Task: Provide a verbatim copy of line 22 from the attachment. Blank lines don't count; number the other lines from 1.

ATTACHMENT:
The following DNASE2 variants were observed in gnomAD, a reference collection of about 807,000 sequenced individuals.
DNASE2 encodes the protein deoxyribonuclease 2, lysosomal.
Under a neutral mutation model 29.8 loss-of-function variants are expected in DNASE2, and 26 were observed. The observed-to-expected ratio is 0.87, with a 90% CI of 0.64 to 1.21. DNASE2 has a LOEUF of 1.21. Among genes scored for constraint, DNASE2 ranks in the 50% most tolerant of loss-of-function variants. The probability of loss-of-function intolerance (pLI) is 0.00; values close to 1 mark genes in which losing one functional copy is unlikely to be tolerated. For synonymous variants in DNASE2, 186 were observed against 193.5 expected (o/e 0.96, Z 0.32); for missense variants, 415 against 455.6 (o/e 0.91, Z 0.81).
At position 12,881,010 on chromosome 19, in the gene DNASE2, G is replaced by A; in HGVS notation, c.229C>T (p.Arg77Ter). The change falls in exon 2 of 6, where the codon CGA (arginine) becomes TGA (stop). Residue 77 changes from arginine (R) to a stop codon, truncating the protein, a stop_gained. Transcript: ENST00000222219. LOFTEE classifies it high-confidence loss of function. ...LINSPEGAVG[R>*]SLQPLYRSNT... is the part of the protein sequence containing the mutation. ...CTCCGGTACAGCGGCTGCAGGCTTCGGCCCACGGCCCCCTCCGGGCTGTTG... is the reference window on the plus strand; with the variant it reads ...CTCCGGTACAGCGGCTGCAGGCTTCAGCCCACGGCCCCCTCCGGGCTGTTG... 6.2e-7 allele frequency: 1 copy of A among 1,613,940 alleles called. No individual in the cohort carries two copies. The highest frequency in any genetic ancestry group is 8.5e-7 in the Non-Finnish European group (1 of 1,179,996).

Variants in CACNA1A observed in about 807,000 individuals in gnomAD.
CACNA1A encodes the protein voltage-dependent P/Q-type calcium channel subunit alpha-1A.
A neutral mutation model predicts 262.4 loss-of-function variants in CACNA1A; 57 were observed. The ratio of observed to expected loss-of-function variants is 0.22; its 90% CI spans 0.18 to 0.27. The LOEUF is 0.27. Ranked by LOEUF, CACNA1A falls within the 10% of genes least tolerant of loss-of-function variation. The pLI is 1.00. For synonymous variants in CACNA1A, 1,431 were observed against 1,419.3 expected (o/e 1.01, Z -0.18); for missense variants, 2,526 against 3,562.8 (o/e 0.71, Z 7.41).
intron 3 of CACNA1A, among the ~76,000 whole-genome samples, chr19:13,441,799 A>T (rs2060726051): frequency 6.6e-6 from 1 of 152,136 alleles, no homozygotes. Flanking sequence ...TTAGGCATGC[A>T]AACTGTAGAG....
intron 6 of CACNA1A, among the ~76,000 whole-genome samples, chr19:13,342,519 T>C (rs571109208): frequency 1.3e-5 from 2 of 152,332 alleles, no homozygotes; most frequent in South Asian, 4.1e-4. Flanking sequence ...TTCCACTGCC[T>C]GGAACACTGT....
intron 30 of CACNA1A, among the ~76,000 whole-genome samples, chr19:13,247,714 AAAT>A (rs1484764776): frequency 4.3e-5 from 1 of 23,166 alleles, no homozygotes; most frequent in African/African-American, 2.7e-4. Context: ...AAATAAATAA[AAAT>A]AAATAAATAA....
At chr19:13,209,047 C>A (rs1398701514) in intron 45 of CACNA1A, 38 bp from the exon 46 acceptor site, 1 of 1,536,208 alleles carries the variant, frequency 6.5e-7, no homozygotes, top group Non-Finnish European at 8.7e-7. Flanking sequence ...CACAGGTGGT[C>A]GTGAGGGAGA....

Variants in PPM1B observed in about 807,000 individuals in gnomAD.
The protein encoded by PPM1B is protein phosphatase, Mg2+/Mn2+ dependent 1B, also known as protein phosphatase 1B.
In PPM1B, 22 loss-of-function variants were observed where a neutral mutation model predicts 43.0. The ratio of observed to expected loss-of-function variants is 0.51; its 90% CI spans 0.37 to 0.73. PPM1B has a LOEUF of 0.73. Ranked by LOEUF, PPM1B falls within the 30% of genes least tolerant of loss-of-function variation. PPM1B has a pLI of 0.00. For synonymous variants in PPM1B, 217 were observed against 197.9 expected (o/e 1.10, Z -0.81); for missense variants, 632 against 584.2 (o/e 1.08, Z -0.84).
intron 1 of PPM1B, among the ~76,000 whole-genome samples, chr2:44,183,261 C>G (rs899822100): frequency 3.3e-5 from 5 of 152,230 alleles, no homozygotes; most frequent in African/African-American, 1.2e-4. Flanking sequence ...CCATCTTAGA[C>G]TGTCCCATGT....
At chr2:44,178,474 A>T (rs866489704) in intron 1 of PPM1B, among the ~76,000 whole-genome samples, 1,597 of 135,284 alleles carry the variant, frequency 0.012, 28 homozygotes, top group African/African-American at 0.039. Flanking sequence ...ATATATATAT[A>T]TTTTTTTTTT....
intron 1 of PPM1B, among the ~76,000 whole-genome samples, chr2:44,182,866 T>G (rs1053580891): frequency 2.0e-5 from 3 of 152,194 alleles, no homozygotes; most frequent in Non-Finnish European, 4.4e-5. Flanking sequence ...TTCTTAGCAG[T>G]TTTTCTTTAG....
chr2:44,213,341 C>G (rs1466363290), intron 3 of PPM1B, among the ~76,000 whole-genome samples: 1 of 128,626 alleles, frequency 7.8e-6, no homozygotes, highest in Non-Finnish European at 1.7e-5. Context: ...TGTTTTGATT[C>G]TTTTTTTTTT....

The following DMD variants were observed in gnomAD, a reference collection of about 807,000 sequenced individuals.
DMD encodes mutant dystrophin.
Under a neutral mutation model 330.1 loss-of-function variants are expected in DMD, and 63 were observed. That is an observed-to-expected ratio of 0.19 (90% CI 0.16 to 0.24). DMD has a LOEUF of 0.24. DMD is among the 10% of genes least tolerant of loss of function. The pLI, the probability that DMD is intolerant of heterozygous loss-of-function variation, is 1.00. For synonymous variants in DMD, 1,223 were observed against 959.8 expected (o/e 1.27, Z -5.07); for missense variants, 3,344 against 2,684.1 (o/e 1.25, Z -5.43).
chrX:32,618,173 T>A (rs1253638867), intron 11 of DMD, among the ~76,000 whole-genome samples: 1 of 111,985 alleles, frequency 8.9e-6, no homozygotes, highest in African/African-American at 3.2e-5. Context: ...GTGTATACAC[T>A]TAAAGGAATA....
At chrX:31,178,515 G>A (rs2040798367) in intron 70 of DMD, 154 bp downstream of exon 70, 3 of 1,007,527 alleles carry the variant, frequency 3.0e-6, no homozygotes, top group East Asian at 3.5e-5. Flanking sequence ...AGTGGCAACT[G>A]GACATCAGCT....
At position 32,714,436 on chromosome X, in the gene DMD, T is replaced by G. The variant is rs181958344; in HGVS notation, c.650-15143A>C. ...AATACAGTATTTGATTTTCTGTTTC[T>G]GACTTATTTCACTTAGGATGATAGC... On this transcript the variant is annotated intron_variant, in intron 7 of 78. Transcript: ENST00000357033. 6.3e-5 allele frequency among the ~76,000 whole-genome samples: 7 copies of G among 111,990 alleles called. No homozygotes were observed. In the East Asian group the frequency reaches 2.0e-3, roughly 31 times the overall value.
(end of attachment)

chrX:32,618,173 T>A (rs1253638867), intron 11 of DMD, among the ~76,000 whole-genome samples: 1 of 111,985 alleles, frequency 8.9e-6, no homozygotes, highest in African/African-American at 3.2e-5. Context: ...GTGTATACAC[T>A]TAAAGGAATA....